Facebook says it may discontinue operating its main app and Instagram in Europe, due to the new laws affecting how it transports data from the EU to the United States.
- Facebook suggested it may discontinue operating its core app and Instagram in Europe if it’s bound to bar transfers of Europe data back to the US.
- In a court filing on the judgment, Facebook stated it has 410 million regularly active users in Europe.
- Facebook’s judicial fight with Ireland’s Data Protection Commissioner (DPC) originates from a preliminary order published beginning this month by the DPC asking the legality of the mechanism Facebook presently practices to send data back to the US.
Facebook might not operate in Europe due to the new regulations!
Facebook registered an affidavit to Ireland’s high court on September 10, with Ireland’s Business Post being the prime to record on the report on Sunday.
In the affidavit, the company questioned an initial order circulated by Ireland’s data privacy watchdog the Data Protection Commissioner (DPC) at the beginning of this month, which threatened to bar Facebook from transferring EU data back to the United States over privacy interests.
“If the Petitioner [Facebook] was subjected to an entire suspension of the transfer of users’ data to the United States, as seems to be what the DPC intends, it is not apparent to the Applicant how, in those situations, it could proceed to give the Facebook and Instagram services in the EU,” wrote Facebook Ireland’s head of data protection and associate general counsel Yvonne Cunnane, continuing that Facebook has 410 million active users in Europe per month.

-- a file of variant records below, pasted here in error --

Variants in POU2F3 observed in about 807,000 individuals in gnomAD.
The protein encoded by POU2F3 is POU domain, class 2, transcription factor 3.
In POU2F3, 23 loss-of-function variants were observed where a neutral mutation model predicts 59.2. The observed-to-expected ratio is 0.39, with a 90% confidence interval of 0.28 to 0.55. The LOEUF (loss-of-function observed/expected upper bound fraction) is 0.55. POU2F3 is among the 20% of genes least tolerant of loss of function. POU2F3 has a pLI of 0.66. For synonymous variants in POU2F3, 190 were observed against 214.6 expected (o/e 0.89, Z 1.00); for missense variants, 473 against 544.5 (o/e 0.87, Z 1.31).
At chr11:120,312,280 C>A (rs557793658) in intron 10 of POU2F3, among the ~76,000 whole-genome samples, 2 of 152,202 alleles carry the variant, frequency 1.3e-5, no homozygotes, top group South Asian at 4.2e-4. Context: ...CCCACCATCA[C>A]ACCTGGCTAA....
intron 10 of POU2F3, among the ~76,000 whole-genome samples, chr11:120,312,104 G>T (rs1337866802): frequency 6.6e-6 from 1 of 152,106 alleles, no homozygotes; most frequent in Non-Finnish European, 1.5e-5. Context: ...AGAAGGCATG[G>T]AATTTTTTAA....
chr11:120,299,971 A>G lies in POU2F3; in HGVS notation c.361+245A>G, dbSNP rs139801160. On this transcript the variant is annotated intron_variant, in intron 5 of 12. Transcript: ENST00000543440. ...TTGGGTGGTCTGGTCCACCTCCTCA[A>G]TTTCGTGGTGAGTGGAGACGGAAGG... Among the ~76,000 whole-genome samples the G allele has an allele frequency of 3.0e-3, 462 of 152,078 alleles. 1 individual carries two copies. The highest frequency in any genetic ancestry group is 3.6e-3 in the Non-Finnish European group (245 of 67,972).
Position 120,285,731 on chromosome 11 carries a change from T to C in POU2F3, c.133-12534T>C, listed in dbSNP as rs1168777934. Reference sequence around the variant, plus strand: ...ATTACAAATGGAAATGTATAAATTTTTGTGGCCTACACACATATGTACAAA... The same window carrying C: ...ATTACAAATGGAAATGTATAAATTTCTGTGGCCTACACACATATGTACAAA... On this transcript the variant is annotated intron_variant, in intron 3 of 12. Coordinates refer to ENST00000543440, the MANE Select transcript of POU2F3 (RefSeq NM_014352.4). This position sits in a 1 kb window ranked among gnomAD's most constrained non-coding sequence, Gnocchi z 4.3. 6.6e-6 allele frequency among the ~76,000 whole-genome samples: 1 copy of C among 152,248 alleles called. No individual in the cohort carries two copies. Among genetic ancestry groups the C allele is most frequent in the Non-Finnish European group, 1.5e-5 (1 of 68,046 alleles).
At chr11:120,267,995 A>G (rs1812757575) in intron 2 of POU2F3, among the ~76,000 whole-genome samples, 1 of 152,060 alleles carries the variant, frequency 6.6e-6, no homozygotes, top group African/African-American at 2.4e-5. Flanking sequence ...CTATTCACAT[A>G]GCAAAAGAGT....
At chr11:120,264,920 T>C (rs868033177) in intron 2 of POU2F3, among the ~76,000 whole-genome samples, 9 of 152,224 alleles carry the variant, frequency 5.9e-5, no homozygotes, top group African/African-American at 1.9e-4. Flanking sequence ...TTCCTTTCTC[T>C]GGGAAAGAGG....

A Facebook spokesperson rejected that this created a threat to eliminate from the EU.
“Facebook is not intimidating to depart from Europe. Legal documents registered with the Irish High Court set out the mere fact that Facebook, and several other businesses, organizations, and services, rely on data transfers between the EU and the United States to perform their services,” Facebook’s spokesperson said in a comment.
“A loss of secure, safe, and legal international data transfers would harm the economy and hinder the growth of data-driven businesses in the EU, just as we attempt recovery from the pandemic COVID-19,” he added.
Vice News that received a full version of Facebook’s affidavit proclaimed the tech giant also accused it was being harmed, as the DPC had likewise targeted no other United States tech companies. The DPC’s initial order called into subject whether the system Facebook presently exercises to send data back to the United States, called Standard Contractual Clauses (SCCs) is lawfully legitimate in the case of sending data to the United States.
Standard Contractual Clauses (SSCs) were granted an overall valid as a cross-country data transfer mechanism in July after the EU struck a long-standing EU-US data transfer agreement called Privacy Shield. However to pass for SCCs, countries have to explain an adequately high level of data privacy, and the matter is that United States data monitoring is too invasive to match up with the EU’s powerful standards on privacy.